How do you contact your loved ones at Christmas time?
Christmas cards have been used as a way to send festive greetings for hundreds of years, but have you ever wondered where the tradition of sending Christmas cards originated from?
The first recorded use of “Merry Christmas” was in a Christmas letter sent in 1534. But the custom of sending Christmas cards as we know them today started in the UK almost 300 years later. Henry Cole was a prominent civil-servant, educator, and inventor and is known to have sent the first Christmas card in 1843. Around this time, he worked at the Public Records Office, where he was instrumental in establishing the ‘penny post’. The Uniform penny post made sending mail more accessible to the British population by setting a standard charge of one Penny.
With so many letters to handwrite during the festive period, Cole turned to friend and artist John Calcott Horsley to design a greeting card, which was sold for a shilling apiece. The two outer panels depicted scenes of charity, with food and clothing being given to the poor and the inner central panel showed the Cole family gathered around their Christmas feast raising their wine glasses to toast the health of the recipient.
Horsley’s design featured a “To” and “From” section and space for the recipients and senders name to be written. Although Christmas cards proved an effective and timesaving way to greet loved ones at Christmas, they ‘were considered quite expensive at the time, and the custom of Christmas card sending didn’t really begin to take off until the mid-1850s’
During the latter half of the 19th century, printing presses became more advanced which meant that Christmas cards could be more easily produced. This made them more accessible to the masses and they increase greatly in popularity through the 20th century.
According to Royal Mail ‘sending Christmas cards is still the nation’s favourite way of spreading festive cheer. Almost 8 in 10 UK adults (77%) who celebrate Christmas say that sending cards are their favourite way of sending season’s greetings to family and friends – compared to saying it in person (62%), by text (34%) or by social media message (38%)’.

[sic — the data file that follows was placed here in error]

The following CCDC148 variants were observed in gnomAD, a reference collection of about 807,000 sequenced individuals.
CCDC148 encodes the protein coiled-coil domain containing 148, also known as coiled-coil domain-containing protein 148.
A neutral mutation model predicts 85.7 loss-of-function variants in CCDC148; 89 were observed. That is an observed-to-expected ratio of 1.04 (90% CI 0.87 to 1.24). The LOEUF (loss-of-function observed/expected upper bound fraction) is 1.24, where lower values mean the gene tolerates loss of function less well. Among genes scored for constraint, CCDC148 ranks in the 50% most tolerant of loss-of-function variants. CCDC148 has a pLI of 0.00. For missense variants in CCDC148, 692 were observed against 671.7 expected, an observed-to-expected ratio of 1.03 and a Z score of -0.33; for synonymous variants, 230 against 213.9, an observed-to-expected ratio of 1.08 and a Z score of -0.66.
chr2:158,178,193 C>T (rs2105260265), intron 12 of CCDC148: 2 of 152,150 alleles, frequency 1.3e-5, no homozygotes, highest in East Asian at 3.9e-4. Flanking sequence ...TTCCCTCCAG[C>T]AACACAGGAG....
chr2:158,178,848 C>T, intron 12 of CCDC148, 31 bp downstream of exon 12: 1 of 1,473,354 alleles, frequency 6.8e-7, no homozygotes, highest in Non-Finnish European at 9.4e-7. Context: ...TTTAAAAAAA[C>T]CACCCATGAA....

With modern technology brings many more instant forms of communication, but it’s good to see that the humble Christmas card is still holding strong!
Here are a few Christmas cards in our collection: J. Cooper, Why Christmas. The History of Christmas Cards [Internet] 2020. Available from: https://www.whychristmas.com/customs/cards.shtml,
 Victoria & Albert Museum. The First Christmas card [Internet] 2020. Available from https://www.vam.ac.uk/articles/the-first-christmas-card
 R. Jones, Sir Henry Cole and The First Christmas Card [Internet] 2020. Available from: https://www.london-walking-tours.co.uk/dickens-london/henry-cole-first-christmas-card.htm
 Wikipedia. Uniform Penny Post [Internet] 2020. Available from: https://en.wikipedia.org/wiki/Uniform_Penny_Post, 2020
 Ibid 2
 Ibid 3
 Victoria and Albert Museum, London. Greetings Card. (Museum no. MSL.3293-1987) [internet] Available from https://www.vam.ac.uk/articles/the-first-christmas-card © Victoria and Albert Museum, London.
 Ibid 3
 Ibid 3
 Max Media Ventures. Royal Mail reports an 8% decline in post, but not specifically Christmas cards [Internet] 2020. Available from: https://www.pgbuzz.net/royal-mail-reports-an-8-decline-in-letter-post-but-not-specifically-christmas-cards/
 Museum of East Anglian Life, Stowmarket. A Christmas card with an illustration of owls, (STMEA:76.A.16.84.6) [Internet] 2020. Available from: https://ehive.com/objects?query=%22STMEA%3A76.A.16.84.6%22 (CC-BY-NC)
 Museum of East Anglian Life, Stowmarket. A Christmas card with a floral border, (STMEA:76.A.16.84.7) [Internet] 2020. Available from: https://ehive.com/objects?query=%22STMEA%3A76.A.16.84.7%22 (CC-BY-NC)
 Museum of East Anglian Life, Stowmarket. A Christmas card with an illustration of a dog (STMEA:76.A.16.84.4 )[Internet] 2020. Available from: eastanglianlife.org.uk/collections/search/ehive/1212251/ (CC-BY-NC)
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